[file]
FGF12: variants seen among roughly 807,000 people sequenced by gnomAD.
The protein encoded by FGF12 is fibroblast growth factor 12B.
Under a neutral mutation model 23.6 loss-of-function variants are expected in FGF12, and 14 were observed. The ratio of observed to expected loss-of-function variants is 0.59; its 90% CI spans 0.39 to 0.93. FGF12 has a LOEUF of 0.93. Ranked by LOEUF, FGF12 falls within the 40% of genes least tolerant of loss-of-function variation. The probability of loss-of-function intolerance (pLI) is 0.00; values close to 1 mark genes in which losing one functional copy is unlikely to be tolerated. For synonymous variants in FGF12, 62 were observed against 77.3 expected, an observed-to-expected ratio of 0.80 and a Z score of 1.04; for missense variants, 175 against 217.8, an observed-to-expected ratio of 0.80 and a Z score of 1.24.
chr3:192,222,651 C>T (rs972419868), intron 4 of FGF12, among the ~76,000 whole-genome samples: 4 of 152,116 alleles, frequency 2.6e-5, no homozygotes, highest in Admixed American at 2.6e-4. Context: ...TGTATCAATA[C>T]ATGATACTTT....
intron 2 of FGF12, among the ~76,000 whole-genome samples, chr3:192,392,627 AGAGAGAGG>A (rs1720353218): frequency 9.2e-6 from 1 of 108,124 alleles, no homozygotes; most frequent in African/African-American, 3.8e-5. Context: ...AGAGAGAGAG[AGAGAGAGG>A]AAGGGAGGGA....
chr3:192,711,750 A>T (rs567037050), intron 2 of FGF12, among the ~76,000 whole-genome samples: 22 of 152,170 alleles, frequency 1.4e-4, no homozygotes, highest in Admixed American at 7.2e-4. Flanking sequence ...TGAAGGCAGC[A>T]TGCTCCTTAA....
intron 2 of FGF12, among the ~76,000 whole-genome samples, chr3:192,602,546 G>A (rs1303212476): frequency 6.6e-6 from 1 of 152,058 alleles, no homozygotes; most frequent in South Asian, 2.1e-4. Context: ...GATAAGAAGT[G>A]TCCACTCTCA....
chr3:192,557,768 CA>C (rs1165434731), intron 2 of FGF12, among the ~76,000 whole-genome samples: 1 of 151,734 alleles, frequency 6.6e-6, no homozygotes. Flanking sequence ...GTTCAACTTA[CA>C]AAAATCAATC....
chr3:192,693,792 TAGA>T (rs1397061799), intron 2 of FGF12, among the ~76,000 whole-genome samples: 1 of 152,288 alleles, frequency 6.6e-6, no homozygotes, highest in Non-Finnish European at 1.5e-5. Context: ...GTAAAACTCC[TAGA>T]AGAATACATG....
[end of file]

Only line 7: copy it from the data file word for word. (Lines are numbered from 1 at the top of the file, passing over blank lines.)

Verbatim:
intron 2 of FGF12, among the ~76,000 whole-genome samples, chr3:192,602,546 G>A (rs1303212476): frequency 6.6e-6 from 1 of 152,058 alleles, no homozygotes; most frequent in South Asian, 2.1e-4. Context: ...GATAAGAAGT[G>A]TCCACTCTCA....